No one, no matter your political affiliation, can deny we are living in a divisive time for American politics. There is not much we seem to agree on, and the fighting seems to never end. This would seem to be the worst time for this book to come out, but I would argue there is no greater time to advocate for the end of the electoral college. Jesse Wegman lays out a very succinct argument for ending this misunderstood process while providing well-researched historical context for this archaic and anti-democratic system. Every American citizen should read this book.Continue reading “Let the People Pick the President: The Case for Abolishing the Electoral College”
Fair warning: I feel like I should get this out of the way right off the bat: I really can’t stand Libertarianism as a concept or ideology nor can I put up with Libertarians in general so I fully admit that I was hoping for some schadenfreude while reading this book. While my beliefs about libertarianism didn’t change, this book was nothing like I thought it would be and I found myself moved by several of the townspeople’s stories and left with a feeling of sadness about the world that I didn’t expect. The story told in this book is also humorous, irreverent, and timely in a way that I don’t think Hongoltz-Hetling could have imagined when he began to write it. I would recommend this book for both political and non-political book fans.Continue reading “A Libertarian Walks Into a Bear”
I don’t know why I waited so long to read this book. It has been on my radar since it was released and I had heard good things but it took being quarantined for me to read a book about my profession (maybe this is a sign that I’m missing work.) While marketed as a true crime book, this is also a love letter to libraries and the librarians that dedicate their lives to ensuring these institutions stay vital parts of the community they serve. I would recommend this for anyone who has ever wondered what librarians do all day.
I am in several book clubs and as such find myself reading books from all different genres and subjects, something I appreciate as it forces me out of my reading comfort zone. I actually picked this book as my book club’s next read, knowing that it sounded good and that non-fiction is usually not my genre…and that I am participating in a non-fiction genre study for the next two years and could use this for one of the reading prompts. I ended up thoroughly enjoying this book (as much as you can enjoy a book about murder victims) and would recommend this, especially to those who don’t like non-fiction and are looking for a more narrative telling of a true story.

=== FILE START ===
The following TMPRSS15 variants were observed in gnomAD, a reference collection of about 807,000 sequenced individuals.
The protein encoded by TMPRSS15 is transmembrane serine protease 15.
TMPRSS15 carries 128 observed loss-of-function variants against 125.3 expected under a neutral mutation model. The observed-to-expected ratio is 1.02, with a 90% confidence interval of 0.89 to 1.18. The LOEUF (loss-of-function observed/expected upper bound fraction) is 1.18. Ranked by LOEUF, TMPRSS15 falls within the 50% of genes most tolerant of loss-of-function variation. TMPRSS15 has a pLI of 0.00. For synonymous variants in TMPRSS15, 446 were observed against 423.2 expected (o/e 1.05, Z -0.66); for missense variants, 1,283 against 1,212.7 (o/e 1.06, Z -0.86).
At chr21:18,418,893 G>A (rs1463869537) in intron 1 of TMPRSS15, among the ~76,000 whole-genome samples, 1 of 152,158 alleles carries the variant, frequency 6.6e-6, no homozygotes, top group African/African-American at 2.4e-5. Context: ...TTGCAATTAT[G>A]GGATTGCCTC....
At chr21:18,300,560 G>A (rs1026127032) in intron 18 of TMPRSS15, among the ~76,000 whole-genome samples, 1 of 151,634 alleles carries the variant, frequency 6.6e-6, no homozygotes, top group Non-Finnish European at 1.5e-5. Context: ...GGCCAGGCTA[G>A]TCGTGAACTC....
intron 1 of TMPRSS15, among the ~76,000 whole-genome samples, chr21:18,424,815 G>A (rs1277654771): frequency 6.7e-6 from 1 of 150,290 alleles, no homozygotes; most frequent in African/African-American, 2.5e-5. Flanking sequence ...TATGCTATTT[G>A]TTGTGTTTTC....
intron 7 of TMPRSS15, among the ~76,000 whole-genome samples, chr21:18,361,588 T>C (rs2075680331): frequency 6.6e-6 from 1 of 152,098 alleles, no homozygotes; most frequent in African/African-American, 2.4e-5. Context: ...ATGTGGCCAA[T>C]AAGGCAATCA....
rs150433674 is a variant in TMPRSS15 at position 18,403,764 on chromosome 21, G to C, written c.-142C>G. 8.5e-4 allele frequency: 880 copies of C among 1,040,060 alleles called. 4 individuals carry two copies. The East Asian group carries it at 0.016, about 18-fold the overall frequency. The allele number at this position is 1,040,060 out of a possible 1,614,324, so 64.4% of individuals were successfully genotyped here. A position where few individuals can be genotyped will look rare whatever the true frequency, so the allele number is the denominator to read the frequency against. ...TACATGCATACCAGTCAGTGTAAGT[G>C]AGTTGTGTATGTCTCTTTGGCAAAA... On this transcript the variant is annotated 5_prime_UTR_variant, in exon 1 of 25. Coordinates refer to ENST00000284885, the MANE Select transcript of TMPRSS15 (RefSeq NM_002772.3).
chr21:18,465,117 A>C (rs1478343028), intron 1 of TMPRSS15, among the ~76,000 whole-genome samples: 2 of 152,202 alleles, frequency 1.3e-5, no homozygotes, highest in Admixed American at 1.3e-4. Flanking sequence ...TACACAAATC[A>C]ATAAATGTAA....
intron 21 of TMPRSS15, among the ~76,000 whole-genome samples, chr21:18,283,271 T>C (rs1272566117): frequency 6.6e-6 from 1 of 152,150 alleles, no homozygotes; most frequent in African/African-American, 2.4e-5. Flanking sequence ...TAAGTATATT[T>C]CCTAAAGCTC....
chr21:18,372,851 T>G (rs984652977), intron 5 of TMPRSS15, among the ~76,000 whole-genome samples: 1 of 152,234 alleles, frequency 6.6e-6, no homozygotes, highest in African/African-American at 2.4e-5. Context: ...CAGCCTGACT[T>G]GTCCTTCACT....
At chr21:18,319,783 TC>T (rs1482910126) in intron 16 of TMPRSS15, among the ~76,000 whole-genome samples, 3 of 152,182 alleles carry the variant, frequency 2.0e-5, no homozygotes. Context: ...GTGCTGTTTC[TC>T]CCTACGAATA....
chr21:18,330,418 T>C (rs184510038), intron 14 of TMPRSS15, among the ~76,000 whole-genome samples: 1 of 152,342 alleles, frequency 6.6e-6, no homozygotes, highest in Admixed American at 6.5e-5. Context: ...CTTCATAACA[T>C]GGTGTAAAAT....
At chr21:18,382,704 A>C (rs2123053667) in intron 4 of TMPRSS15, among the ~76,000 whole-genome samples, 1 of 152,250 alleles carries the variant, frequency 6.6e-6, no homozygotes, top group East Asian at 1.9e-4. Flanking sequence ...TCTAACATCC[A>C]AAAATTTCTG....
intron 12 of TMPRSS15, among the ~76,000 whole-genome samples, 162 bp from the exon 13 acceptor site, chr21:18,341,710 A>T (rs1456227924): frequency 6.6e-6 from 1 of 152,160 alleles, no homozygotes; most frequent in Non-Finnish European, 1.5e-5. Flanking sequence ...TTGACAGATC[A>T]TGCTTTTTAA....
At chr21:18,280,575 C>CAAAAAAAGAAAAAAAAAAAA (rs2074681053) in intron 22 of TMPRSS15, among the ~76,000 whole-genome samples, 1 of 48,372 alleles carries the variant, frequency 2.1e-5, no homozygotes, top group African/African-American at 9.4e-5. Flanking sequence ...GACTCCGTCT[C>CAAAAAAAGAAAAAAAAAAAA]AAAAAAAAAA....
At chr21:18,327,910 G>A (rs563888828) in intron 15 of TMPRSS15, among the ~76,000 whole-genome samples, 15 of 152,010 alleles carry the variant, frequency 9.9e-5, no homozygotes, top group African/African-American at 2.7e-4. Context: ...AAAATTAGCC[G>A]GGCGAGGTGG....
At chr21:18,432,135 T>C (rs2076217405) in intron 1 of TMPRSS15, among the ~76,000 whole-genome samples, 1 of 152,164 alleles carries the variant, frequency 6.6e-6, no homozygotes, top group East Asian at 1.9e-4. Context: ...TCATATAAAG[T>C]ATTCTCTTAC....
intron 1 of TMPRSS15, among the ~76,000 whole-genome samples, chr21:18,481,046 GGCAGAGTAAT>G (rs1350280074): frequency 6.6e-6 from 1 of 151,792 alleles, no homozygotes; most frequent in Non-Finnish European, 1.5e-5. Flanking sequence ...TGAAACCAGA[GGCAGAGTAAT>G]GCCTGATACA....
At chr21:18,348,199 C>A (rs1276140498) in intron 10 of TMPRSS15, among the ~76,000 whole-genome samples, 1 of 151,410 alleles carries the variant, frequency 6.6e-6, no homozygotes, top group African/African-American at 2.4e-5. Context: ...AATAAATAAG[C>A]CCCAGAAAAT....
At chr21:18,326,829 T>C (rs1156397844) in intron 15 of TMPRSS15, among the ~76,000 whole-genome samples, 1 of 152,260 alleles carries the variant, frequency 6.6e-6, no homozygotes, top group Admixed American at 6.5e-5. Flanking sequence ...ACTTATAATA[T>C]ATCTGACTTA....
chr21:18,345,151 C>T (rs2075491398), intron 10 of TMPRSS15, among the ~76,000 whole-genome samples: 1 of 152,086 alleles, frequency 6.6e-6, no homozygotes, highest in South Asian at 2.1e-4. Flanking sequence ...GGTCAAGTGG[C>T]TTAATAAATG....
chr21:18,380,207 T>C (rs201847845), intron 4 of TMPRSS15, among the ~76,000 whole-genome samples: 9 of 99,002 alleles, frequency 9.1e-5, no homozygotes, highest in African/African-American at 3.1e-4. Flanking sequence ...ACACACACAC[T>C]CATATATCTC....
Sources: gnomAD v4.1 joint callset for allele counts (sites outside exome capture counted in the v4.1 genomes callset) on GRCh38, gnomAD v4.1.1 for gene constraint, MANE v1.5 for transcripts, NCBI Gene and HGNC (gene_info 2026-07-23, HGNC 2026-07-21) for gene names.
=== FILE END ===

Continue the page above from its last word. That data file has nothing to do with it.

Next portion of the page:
I chose this book for one of my reading challenges this year based on nothing more than the good reviews it was receiving. I didn’t know much about it and was hoping that I wouldn’t be disappointed. Wow, was this a good book and I am so glad that I read it. I have already recommended it to a few friends and am eager to hear what they think.
Whoa boy was this book bonkers. And a true story! Sometimes I had to remind myself while reading “Bad Blood: Secrets and Lies in a Silicon Valley Startup” that this actually happened and there are people in the world that are truly awful human beings. This is a non-fiction book that reads like fiction and I highly recommend it.
This is a challenging book to review because so much has been written about it, and its author, already. It went on my “to be read” list almost immediately upon publication but was always passed over for various reasons. So when I saw the pop sugar challenge item of reading a book published posthumously, I knew the time had come to read the book that everyone seemed to love. And I was very, very happy I did because this was a gripping, emotional, and almost unbelievable story that needed to be told.
I am very torn in regards to this review. I read Hillbilly Elegy because I wanted to practice what I preach…that is, to read and try and understand different political views from my own. I can’t say that J.D. Vance changed my mind on anything but I can appreciate that he tried to show his side of things in a well written and eloquent manner. My main issues with this book are not that I don’t agree with much of what he thinks or believes but that he discusses the issues “hillbillys” have in the United States today but doesn’t offer any solutions for how to overcome the obstacles that exist within this group. I wanted more of a guide than he offered.
This is a book that has been on my “to be read” shelf for a while. Anne Morrow Lindbergh first came to my attention as an author when I read “The Aviator’s Wife” and realized that she was much more than just the wife of Charles Lindbergh. I am so glad that I read this book at this time in my life and can see myself revisiting this title every few years as my life experiences change. I would highly recommend this book for women of all ages.